So, should we see this latest change as simply the habitual shuffling of a political pack of cards that the Pakistan army periodically resorts to? It may look so on the surface, yet beneath the superficial resemblances are a cluster of real changes: In Nawaz Sharif’s political position; in the civil-military dynamic; and most of all, in Pakistan as a whole.

There were some who were disappointed at Sharif’s accommodative and non-confrontational stance as was evidenced by his speech on arrival in Lahore. He had “no wish for revenge”, he said, and he did not delve into his rough interface with the army, which saw him being unseated at its behest in July 2017 in what was effectively a judicial coup. During that tenure as PM, one factor that explained the tensions that emerged with the then army chief was the effort to impose some manner of accountability on Pervez Musharraf. Letting bygones be bygones would, therefore, be a wise policy to follow.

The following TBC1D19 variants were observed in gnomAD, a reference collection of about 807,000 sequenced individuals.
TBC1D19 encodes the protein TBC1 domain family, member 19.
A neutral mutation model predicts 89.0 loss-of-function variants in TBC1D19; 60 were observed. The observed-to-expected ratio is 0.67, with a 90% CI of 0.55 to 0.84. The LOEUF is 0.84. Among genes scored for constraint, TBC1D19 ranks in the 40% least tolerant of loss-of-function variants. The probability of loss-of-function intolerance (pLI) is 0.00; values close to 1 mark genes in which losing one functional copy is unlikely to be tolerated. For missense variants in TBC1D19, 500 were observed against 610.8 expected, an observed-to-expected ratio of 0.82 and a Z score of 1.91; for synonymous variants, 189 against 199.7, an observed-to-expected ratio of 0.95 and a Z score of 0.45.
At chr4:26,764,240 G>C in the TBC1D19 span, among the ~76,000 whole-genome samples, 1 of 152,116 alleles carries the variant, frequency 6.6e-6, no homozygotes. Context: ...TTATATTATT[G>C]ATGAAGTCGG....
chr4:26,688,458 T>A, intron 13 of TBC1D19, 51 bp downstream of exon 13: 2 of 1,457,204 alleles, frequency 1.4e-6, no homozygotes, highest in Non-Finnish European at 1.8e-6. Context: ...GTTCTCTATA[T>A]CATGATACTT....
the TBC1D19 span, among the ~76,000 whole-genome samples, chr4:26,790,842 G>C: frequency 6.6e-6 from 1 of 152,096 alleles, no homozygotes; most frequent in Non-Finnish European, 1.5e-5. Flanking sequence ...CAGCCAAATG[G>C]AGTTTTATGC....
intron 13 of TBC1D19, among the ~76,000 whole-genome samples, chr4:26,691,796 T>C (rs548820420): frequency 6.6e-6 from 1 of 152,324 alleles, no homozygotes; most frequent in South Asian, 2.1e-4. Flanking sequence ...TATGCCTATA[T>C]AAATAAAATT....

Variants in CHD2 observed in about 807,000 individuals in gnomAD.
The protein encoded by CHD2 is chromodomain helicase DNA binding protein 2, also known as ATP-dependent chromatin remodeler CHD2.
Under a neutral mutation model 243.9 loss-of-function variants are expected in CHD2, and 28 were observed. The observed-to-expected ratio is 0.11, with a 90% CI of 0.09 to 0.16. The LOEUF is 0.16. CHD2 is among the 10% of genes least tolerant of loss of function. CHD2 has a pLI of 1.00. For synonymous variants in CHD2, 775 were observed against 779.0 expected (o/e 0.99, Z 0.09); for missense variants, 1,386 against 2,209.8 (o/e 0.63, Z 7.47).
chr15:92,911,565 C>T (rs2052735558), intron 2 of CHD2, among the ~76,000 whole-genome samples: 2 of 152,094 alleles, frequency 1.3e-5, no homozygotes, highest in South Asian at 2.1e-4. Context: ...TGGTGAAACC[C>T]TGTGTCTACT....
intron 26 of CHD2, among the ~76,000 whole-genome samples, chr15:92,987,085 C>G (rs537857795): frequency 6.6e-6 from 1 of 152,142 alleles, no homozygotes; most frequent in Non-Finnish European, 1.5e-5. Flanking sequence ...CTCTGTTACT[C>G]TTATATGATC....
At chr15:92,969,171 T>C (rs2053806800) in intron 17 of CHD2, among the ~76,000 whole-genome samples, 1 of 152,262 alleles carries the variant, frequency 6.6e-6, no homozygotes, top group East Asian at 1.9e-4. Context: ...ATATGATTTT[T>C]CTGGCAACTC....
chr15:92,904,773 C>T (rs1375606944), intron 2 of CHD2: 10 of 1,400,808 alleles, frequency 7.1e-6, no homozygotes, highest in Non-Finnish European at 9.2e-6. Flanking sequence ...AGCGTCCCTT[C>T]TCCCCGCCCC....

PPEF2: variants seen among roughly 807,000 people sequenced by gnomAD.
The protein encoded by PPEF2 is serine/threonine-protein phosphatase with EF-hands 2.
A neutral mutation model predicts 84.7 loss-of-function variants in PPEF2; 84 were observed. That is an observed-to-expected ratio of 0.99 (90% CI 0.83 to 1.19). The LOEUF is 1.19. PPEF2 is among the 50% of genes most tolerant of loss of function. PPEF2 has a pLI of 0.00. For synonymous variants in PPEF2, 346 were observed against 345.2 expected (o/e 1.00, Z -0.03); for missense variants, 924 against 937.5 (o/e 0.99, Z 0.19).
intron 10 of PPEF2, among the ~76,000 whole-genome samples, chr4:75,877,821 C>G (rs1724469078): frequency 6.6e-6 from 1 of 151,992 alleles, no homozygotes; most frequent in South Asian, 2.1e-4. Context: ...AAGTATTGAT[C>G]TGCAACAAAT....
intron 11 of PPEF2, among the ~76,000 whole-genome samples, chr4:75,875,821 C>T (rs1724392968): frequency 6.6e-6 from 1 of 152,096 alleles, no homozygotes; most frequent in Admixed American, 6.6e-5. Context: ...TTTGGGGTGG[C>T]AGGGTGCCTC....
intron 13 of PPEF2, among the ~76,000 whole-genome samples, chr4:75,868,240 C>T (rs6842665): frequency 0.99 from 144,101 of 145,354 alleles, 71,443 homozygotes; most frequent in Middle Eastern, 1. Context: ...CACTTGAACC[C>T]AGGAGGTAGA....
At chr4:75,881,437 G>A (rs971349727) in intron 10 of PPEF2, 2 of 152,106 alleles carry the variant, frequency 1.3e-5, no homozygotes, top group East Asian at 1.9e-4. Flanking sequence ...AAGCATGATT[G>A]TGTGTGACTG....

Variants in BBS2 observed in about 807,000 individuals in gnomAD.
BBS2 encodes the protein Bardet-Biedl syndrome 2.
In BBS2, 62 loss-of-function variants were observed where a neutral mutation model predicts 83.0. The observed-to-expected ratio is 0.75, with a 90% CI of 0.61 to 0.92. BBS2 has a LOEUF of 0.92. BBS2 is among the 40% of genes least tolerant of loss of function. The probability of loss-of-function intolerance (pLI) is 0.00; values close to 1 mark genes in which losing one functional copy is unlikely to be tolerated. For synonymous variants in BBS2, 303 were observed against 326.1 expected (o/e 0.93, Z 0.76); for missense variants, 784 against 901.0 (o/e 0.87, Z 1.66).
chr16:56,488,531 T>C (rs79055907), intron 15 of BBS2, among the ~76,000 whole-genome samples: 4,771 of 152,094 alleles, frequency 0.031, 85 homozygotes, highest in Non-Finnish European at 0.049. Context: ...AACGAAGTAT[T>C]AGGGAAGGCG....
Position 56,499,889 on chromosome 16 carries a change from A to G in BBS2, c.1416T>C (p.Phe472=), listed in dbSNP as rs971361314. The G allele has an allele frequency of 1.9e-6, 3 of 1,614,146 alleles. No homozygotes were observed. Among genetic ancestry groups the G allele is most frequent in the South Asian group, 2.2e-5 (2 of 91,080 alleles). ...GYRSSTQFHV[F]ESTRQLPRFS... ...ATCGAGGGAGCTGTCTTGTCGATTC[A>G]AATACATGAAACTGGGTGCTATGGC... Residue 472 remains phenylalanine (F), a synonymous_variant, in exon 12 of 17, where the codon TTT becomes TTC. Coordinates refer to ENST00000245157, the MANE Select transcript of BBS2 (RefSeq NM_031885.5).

Sharif’s arrival in Pakistan marks the beginning of the Pakistan Muslim League (Nawaz)’s general election campaign. The expectation, of at least his followers, is that with their leader back at the helm, the popular mood will turn in their favour. Through his political ups and downs, one of Sharif’s advantages has been that his party has remained largely united and immune to the pressures of the military. Whether the PML(N) will be able to distance itself from the severe economic downturn from the second half of 2022 when it controlled the government is, however, uncertain.

So is the question of Imran Khan’s future and whether the huge popularity and fan following sometimes attributed to him will be a factor of consequence in the general elections sometime early next year. At present, the general assessment in Pakistan veers towards the conclusion that the PML(N) will be the leading vote catcher and its alignment with the army will help it a great deal.